I am no fan of WMI as it is not NAT and Firewall friendly, but having alternative techniques and methodologies are essential for a succesfull attacker. Inability to see the output kills the fun part of command/script execution. Fortunately, a very clever solution to this problem was discussed by Andrei Dumitrescu at HES 2014. The solution is to store the output in Base64 encoding into WMI namespaces. retrieve it and decode on the attacker's machine. The solution was implemented in PowerShell by Jesse Davis (@secabstraction) here:

Based entirely on Jesse's code, I give you Invoke-PowerShellWmi. A script which provides interactive PowerShell session using WMI.

Here is how to use it. The script will prompt for a password:

Note that like normal WMI operations, valid Administrative access/credentials for the target machine are required to use this script. This privilege could be achieved by dumping passwords in plaintext, stealing tokens etc.

Here is Invoke-PowerShellWmi in action:

Great! We can see output of PowerShell and native commands.

PowerShell scripts could be executed as well using the -EncodedCommand parameter of PowerShell:
Nice! We executed encoded Invoke-PowerShellTcpOneLine using WMI.

The default shell available is PowerShell but cmd can be used as well using the -ShellType parameter.

Looking at WireShark, this obviosuly is a genuine WMI traffic. 

The pcap is available here:

The Namespaces created in the process are marked with "SYSINFOS" unless specified otherwise by the user.  Make sure to use "exit" command when closing the shell as it initiates a cleanup of the target system. 
A video demonstration of Invoke-PowerShellWmi:

Remember, much more could be achieved with PowerShell once you have access to a machine. You may like to see my other blog posts for that. 

Hope you enjoyed it! Please leave feedback and comments.

Once again, to support my research and work, join me for a two days training "PowerShell for Penetration Testers" at:
NolaCon, New Orleans (June 10-11th) -
Shakacon, Honolulu (July 6-7th) -

Wednesday, May 13, 2015

Week of PowerShell shells - Day 3 - HTTPS Shells

Welcome to the day 3 of week of PowerShell shells. Lets focus on HTTP/HTTPS today. The traffic over HTTPS is mostly considered safe and often overlooked by the blue teams and system administrators. This makes HTTPS a desirable channel for our shells. I have stolen Casey Smith's (@subTee) Poshrat ( and tweaked it a bit. I give you Invoke-PoshRatHttps.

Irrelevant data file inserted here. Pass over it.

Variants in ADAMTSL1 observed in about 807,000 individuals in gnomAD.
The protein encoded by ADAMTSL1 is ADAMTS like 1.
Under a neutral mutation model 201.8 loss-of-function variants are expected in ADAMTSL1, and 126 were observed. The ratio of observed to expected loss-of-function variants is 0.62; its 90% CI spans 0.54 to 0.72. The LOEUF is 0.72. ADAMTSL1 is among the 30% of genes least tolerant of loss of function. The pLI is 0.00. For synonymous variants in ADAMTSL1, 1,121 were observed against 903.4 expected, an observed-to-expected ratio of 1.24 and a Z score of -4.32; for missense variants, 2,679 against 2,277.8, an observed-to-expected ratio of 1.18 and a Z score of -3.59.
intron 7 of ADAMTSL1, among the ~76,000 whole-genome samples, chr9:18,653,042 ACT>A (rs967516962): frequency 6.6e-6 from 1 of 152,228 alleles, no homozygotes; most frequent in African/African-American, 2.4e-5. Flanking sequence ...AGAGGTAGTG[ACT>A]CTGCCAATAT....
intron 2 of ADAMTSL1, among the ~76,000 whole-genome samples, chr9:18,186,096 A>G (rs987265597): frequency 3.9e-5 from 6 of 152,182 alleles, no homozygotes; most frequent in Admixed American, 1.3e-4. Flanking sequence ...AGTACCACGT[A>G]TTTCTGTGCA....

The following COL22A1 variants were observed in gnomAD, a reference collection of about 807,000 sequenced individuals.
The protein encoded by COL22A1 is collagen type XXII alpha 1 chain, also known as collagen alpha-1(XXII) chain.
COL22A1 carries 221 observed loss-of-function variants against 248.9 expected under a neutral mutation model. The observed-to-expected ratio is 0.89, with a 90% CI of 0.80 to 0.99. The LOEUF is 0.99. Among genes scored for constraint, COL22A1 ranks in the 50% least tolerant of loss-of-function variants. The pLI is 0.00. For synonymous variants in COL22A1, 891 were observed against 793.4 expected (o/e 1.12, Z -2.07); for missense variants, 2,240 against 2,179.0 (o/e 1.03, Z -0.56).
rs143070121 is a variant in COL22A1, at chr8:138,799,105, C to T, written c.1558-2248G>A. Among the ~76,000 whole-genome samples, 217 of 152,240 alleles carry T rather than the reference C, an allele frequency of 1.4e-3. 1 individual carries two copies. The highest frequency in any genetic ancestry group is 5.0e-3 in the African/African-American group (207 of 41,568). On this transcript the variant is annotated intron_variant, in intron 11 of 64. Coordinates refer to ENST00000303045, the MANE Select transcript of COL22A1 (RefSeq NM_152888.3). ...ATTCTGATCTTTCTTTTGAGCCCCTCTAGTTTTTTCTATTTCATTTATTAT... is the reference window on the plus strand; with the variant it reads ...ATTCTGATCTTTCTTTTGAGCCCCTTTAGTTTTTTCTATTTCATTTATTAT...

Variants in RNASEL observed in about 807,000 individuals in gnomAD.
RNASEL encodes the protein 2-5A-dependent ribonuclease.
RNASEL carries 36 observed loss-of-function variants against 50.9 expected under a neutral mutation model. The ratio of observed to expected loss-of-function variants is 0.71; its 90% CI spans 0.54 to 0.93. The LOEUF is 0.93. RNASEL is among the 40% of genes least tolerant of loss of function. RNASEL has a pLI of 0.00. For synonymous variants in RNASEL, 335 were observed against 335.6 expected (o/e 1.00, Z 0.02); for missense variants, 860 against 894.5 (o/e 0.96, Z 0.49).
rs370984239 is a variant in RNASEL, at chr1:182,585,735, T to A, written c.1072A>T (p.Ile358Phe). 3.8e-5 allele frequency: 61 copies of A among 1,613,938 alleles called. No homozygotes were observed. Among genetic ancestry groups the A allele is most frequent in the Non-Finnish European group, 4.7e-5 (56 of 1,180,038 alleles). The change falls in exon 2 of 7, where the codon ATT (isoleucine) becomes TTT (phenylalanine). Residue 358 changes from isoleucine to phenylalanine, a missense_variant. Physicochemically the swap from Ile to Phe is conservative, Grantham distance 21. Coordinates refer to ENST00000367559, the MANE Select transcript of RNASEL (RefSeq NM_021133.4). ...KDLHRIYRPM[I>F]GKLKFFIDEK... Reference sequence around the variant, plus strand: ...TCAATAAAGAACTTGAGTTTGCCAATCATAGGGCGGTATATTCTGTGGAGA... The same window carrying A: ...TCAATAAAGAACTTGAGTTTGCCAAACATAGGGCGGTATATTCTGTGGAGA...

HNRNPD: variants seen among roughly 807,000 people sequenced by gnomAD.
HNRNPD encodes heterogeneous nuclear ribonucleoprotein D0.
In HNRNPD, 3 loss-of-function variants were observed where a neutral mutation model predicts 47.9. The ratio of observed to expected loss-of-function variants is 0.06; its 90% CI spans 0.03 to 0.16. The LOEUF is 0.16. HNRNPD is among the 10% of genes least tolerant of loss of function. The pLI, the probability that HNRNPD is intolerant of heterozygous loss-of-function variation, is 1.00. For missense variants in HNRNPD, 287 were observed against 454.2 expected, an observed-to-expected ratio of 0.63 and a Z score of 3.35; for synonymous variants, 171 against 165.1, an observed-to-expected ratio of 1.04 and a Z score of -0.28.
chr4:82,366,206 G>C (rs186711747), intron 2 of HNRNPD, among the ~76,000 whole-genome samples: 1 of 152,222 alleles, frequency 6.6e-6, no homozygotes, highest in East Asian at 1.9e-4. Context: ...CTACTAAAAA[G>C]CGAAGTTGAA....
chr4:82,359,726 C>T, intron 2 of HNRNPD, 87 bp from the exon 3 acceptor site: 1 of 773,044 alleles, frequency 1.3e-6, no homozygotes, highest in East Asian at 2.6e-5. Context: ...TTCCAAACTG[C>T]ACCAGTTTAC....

Invoke-PoshRatHttps, as the name suggests, establishes an encrypted medium of communication between the target and the attacker. This was lacking in the previous shells we saw on Day 1 and Day 2. It could be found in the Nishang repository here:

Invoke-PoshRatHttps requires Administrative access on the attacker's machine to listen on ports and install SSL certificates. Lets set up a listener on a machine:
Note that the listener needs two ports. One for initial connect and another for encrypted communication. 
On a target, we just need to execute the below command (note the HTTP):
A user could be tricked to open a HTA file as well. Though the kind of warnings shown by browsers reduce the chances of a successful attack. A target needs to open the below URL:

Lets see it in action:
Awesome! An interactive and encrypted reverse PowerShell!

In Wireshark we can see that only the initial connect request is sent over HTTP, everything else is over HTTPS. The initial unencrypted connect is used to setup the HTTPS channel :
The pcap is available at:

Note that Invoke-PoshRatHttps installs Root certificates by the name of "Windows Update Agent" and the IPAddress specified on your machine and opens incoming traffic on the specified ports. The firewall rules are named "Windows Update HTTPS" and "Windows Update HTTP".

There is a HTTP version as well, Invoke-PoshRatHttp.
What makes Invoke-PoshRatHttps awesome is that the client part is very small and could be used with wide variety of techniques where there are size limitations. 

To clean up the machine after using Invoke-PoshRatHttps, we can use Remove-PoshRat. It needs to be run from an elevated PowerShell.

Nishang has another HTTPS shell Invoke-PsGcat which uses Gmail for command and script execution. I have blogged about it earlier:

A video showing usage of Invoke-PoshRatHttps:

Please note that I am deliberately not going into what can be done after we get shell access to a target. For that please see my previous blog posts.

Hope this proves to be useful. Please leave feedback and comments.

If you enjoyed the post and want to learn more and/or want to support my research and work, join me for a two days training "PowerShell for Penetration Testers" at:

NolaCon, New Orleans (June 10-11th) -
Shakacon, Honolulu (July 6-7th) -